The heat will continue through the afternoon and into the evening. Even with night there will be no relief. I will go to sleep again tonight with the air conditioning running. With air conditioning when I wake in the morning the room has a specific smell. It reminds me of lunacy and madness. But when you open the louvers in the morning the creature of 33 degrees Celsius races into the room like a flock of ducks. You cannot escape the heat. It is there waiting for you whichever room you walk into. You are trapped by climate change. It is inexorable. It is there waiting for you like a reminder of futurity. This is just going to get worse every year. Thank log I am doing the big move south back to the temperate climes of Sydney.

Friday 16 January 2015

Emptying out mum's place

This is what my second bedroom looks like since early this morning when the removalists brought the remainder of the stuff that was in mum's apartment to my place. The room is completely chockers. You can hardly move in there. It's a complete squeeze. But I need to get in so that I can keep on shredding unnecessary stuff, so I'll have to be moving things around to get access this weekend and into next week.

The main consequence of the small move that we did this morning is that mum's place is almost completely empty bar a few small bits and pieces, some rubbish, and the shredder and most recent box of "keeps" that I'm gradually filling up as I go through mum's and dad's stuff. Emptying out mum's place is a big step for me as it'll mean I don't have to worry about one piece of the puzzle. The object is to rent it out and to do that we now first need to take out the picture hooks, plaster up the holes they made in the walls, give the place a new coat of paint, and change the carpet in the two bedrooms. The glass shower screen has been fixed back in place - the real estate agent organised last week to get that done - and the toilet seat has been put back in place in the en-suite.

Meanwhile, the weather has taken a turn; it was really hot yesterday with the temperature on the Coast up to 36 degrees C. Last night I turned on the air conditioning for an hour or so to cool things down a bit; it was so awful just lying there in the unmoving air sweating from every pore. I just had to resort to relief. I hardly ever use air conditioning normally.

Getting the last of the stuff out of mum's place has however made a positive difference to my state of mind, and I now feel less encumbered by stuff. I had a bit of a panic yesterday afternoon thinking of all the things that need to still be done to make the big move south. This morning all those worries were allayed when the three fellows from the removals company turned up. We got the whole job finished in about 90 minutes, including moving two electric beds and a fridge out of my place down to the garage; I'll phone up the op-shop next week and they can come and take that stuff away.

Things are looking a lot better now.

Tuesday 13 January 2015

Thoughts about dad

I felt the walls were too high this morning after doing a bag of shredding. Most of the stuff I was doing was accounts material dad had put together from the year 2007 and when that was finished I went into the garage to take a look at the pile of the rest of dad's stuff in the alcove along the side wall. I sorted through a box of CD ROMs and carried a couple of small boxes of photos into mum's apartment but when I went back into the garage I just felt it was too much. The walls were too high.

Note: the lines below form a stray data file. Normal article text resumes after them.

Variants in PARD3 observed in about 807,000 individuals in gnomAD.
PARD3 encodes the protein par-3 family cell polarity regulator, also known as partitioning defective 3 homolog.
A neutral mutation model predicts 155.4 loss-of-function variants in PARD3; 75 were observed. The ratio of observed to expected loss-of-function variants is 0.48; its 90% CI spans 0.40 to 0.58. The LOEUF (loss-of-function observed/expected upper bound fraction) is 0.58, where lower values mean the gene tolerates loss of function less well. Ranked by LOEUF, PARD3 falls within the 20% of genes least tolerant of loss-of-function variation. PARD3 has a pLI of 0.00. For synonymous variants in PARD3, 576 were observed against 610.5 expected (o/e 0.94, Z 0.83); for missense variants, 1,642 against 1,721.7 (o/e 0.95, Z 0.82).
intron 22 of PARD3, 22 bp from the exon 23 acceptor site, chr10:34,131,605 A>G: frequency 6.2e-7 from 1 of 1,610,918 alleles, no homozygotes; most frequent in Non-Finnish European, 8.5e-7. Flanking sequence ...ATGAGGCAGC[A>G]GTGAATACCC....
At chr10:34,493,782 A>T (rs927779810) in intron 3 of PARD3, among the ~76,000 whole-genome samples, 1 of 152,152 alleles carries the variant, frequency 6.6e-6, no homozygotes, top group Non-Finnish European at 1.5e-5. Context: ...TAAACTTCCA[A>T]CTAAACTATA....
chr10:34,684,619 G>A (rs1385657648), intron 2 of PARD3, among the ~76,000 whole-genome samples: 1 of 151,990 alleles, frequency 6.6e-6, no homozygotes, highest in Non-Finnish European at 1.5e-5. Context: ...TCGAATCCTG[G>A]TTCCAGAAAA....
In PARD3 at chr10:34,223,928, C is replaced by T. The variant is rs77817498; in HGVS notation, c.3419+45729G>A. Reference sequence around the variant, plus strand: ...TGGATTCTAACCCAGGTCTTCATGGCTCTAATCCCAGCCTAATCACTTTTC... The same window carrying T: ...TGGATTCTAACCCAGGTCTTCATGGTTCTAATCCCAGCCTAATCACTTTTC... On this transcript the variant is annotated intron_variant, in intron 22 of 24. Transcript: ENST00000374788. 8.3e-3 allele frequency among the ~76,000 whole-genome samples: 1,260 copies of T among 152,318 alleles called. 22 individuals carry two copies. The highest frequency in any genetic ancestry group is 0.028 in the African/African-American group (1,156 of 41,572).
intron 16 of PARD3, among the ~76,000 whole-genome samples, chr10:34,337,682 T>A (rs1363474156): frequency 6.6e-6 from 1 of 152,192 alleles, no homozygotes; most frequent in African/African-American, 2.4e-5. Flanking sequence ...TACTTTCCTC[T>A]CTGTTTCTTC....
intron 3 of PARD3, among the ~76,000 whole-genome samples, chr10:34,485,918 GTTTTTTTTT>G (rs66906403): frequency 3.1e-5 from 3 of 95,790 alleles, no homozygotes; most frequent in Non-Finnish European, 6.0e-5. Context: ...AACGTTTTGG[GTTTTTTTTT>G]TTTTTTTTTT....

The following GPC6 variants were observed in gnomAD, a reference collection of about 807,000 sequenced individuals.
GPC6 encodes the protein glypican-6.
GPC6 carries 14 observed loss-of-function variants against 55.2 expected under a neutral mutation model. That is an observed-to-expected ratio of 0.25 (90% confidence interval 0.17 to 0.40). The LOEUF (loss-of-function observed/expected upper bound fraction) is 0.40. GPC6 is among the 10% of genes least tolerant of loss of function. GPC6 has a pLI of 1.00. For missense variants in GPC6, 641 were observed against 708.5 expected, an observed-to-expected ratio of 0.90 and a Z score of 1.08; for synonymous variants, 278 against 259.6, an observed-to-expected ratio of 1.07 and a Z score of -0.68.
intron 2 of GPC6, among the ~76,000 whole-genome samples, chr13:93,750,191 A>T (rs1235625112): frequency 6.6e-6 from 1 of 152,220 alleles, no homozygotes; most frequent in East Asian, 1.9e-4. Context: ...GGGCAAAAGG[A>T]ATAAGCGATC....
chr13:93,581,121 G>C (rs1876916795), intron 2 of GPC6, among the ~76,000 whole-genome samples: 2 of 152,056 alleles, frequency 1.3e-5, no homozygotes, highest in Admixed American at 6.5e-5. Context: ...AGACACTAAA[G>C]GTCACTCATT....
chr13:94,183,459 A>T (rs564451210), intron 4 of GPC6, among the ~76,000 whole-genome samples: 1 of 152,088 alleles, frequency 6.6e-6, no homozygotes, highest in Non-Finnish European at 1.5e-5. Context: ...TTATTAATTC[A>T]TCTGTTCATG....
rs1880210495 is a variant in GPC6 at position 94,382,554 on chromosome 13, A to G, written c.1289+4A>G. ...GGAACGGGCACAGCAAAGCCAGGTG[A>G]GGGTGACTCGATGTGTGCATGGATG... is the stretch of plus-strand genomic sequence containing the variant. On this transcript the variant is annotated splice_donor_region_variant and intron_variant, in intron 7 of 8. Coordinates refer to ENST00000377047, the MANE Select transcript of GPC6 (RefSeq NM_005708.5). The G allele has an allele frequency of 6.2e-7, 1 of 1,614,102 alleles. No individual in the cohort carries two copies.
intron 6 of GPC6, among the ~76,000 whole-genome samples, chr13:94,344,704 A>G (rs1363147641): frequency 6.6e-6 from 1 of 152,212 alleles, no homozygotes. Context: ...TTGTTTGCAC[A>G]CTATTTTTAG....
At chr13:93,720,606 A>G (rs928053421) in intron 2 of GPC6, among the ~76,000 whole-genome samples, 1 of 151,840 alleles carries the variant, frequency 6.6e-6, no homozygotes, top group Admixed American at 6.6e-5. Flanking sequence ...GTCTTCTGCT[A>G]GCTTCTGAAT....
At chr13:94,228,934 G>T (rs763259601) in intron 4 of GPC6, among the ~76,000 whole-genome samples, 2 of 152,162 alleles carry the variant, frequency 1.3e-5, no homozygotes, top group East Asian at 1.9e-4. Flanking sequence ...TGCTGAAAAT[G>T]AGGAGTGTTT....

As I got back to my place it occurred to me that I would not have had this feeling if it was mum's stuff I was faced with sorting through this morning. The reason it felt like the walls were too high was because it was dad's stuff I was faced with. And I thought about my problematic relationship with my father, who died 4 years ago, and how things might be different if I was less prone to complain about him when I got the chance, which admittedly was not that often but it did happen from time to time. Most of the complaining was in front of mum who, despite that fact that she was married to dad for over 50 years, knew that he had weaknesses of character. But we all have character flaws, and I am drawn to think that it's more of a weakness to continue to blame someone who is dead, for their character flaws, than it is to have those character flaws in the first place.

So looking up at those towering walls this morning caused me to take a hard look at myself.

My father was a good man in many ways. He was always present, he never left us, for a start. Which is more that you can say for me, who left the family when the kids were small. He always treated us boys equally, furthermore, and allowed us to make mistakes, which I should be grateful for. This last thing he did enabled us to develop resilience and develop our characters independently from an early age. Dad was a stern patriarch in the old school pattern in many ways. But he left us up to our own devices - which is good in a way, but bad in another - and never shouted at us or hit us (except once). I remember a slightly distant but engaged parent who often had trouble understanding his children. He kept to his own devices and let us stick to ours.